Image Recognition Market Seen Doubling by 2020i
    X
    Ramon Taylor
    May 05, 2016 10:05 PM
    From auto tagging on Facebook to self-driving cars, image recognition technology as it exists today is still in its beginning phases, experts say — and will soon change the way users and corporations interact with the physical world. VOA's Ramon Taylor reports.
    Video

    Video Image Recognition Market Seen Doubling by 2020

    From auto tagging on Facebook to self-driving cars, image recognition technology as it exists today is still in its beginning phases, experts say — and will soon change the way users and corporations interact with the physical world. VOA's Ramon Taylor reports.
    Video

    Video Child Labor in Afghanistan Remains a Problem

    With war still raging in Afghanistan, the country also faces the problem of child labor as families put their school-age children to work to help make ends meet. But, thanks to VOA's Afghan Service, two families whose children had been working in a brick-making factory - to earn their livings and pay off family debts - now have a new lease on life. Zabihullah Ghazi reports.
    Video

    Video Kurdish Troops Recount Firefight Which Killed US Navy SEAL

    A U.S. Navy SEAL killed Tuesday, when Islamic State fighters punched through Kurdish lines in northern Iraq, was part of a quick reaction force sent to extract other U.S. troops trapped by the surprise offensive. VOA's Kawa Omar spoke with Kurdish troops in the town of Telskuf -- the scene of what U.S. officials called a "dynamic firefight."
    Video

    Video British Lawmakers Warn EU Exit Talks Could Last A Decade

    Leaving the European Union would mean difficult negotiations that could take years to complete, according to a bipartisan group of British lawmakers. While the group did not recommend a vote either way, the lawmakers noted trade deals between the EU and non-EU states take between four and nine years on average. Henry Ridgwell reports on the mounting debate over whether Britain should stay or exit the EU as the June vote approaches.
    Video

    Video NASA Astronauts Train for Commercial Space Flights

    Since the last Shuttle flight in 2011, the United States has been relying on Russian rockets to launch fresh crews to the International Space Station. But that may change in the next few years. NASA and several private space companies are developing advanced capsules capable of taking humans into low orbit and beyond. As VOA's George Putic reports, astronauts are already training for commercial spacecraft in flight simulators.
    Video

    Video US Worried Political Chaos in Iraq Will Hurt IS Fight

    The White House is expressing concern about rising political chaos in Iraq and the impact it could have on the fight against the Islamic State. The U.S. says Iraq needs a stable, central government to help push back the group. But some say Baghdad may not have a unified government any time soon. VOA's White House correspondent Mary Alice Salinas reports.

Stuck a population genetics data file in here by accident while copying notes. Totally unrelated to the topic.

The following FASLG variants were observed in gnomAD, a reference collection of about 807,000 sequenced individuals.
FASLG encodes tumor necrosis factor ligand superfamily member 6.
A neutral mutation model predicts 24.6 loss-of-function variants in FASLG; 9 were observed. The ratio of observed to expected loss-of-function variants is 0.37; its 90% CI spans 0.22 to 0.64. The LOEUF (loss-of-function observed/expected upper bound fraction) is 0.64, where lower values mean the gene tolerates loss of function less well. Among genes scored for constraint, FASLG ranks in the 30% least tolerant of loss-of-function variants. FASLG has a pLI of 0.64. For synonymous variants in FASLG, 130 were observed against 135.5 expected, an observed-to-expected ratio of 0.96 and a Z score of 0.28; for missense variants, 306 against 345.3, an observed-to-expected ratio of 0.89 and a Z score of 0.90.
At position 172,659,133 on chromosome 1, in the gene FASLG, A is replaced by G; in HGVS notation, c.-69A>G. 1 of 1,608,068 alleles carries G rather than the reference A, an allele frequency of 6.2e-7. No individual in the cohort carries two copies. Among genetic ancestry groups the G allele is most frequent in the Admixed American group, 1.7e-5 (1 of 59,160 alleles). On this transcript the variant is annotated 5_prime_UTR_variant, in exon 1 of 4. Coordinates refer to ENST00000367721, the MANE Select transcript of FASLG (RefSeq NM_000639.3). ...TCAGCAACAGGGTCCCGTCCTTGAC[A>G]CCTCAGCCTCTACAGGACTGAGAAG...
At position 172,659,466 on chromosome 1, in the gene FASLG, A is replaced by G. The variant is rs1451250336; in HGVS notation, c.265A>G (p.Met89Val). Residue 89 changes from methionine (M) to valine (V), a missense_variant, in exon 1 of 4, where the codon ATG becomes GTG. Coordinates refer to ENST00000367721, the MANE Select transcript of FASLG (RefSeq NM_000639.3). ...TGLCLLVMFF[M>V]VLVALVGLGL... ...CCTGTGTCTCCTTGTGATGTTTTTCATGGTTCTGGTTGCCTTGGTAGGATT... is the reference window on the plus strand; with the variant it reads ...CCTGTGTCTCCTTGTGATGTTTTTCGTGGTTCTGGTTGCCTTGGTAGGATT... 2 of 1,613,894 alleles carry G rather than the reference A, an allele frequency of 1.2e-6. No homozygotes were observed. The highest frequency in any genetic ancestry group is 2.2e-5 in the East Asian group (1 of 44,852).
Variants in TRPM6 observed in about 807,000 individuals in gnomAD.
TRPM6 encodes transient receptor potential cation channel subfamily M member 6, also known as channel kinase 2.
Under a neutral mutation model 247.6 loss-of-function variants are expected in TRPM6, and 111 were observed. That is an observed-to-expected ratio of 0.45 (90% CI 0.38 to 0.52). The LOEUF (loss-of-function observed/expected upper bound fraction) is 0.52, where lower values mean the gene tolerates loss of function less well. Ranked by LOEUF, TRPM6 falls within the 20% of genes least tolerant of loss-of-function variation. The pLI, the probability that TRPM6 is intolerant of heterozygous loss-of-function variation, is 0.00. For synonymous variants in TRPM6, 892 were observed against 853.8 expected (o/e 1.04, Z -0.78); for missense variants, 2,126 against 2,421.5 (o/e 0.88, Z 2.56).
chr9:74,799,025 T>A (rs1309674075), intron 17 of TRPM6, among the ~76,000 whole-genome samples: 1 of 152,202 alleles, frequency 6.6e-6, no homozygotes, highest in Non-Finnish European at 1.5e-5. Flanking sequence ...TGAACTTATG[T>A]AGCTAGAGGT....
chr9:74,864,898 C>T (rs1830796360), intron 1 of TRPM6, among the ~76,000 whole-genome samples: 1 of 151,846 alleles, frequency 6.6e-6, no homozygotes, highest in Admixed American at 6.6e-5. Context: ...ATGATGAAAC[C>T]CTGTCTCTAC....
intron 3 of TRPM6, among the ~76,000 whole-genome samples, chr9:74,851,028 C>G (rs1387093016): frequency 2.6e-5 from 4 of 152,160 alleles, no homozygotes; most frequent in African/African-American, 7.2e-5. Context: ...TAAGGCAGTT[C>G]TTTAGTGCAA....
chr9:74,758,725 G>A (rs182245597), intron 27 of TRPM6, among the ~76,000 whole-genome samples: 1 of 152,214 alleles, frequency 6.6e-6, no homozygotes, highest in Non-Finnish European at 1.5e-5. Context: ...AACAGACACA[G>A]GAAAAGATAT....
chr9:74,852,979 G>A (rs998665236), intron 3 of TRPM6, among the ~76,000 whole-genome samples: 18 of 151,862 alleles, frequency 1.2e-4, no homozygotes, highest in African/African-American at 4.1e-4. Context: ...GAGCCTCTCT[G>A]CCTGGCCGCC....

Video

    Video Press Freedom in Myanmar Fragile, Limited

    As Myanmar begins a new era with a democratically elected government, many issues of the past confront the new leadership. Among them is press freedom in a country where journalists have been routinely harassed or jailed.
    Video

    Video Taliban Threats Force Messi Fan to Leave Afghanistan

    A young Afghan boy, who recently received autographed shirts and a football from his soccer hero Lionel Messi, has fled his country due to safety concerns. He and his family are now taking refuge in neighboring Pakistan. VOA's Ayaz Gul reports from Islamabad.
    Video

    Video Major Rubbish Burning Experiment Captures Destructive Greenhouse Gases

    The world’s first test to capture environmentally harmful carbon dioxide gases from the fumes of burning rubbish took place recently in Oslo, Norway. The successful experiment at the city's main incinerator plant, showcased a method for capturing most of the carbon dioxide. VOA’s Deborah Block has more.
    Video

    Video EU Visa Block Threatens To Derail EU-Turkey Migrant Deal

    Turkish citizens could soon benefit from visa-free travel to Europe as part of the recent deal between the EU and Ankara to stem the flow of refugees. In return, Turkey has pledged to keep the migrants on Turkish soil and crack down on those who are smuggling them. Brussels is set to publish its latest progress report Wednesday — but as Henry Ridgwell reports from London, many EU lawmakers are threatening to veto the deal over human rights concerns.
    Video

    Video Tensions Rising Ahead of South China Sea Ruling

    As the Philippines awaits an international arbitration ruling on a challenge to China's claims to nearly all of the South China Sea, it is already becoming clear that regardless of which way the decision goes, the dispute is intensifying. VOA’s Bill Ide has more from Beijing.
    Video

    Video Painting Captures President Lincoln Assassination Aftermath

    A newly restored painting captures the moments following President Abraham Lincoln’s assassination in 1865. It was recently unveiled at Ford’s Theatre in Washington, where America’s 16th president was shot. It is the only known painting by an eyewitness that captures the horror of that fateful night. VOA’s Julie Taboh tells us more about the painting and what it took to restore it to its original condition.

    Special Report

    Adrift The Invisible African Diaspora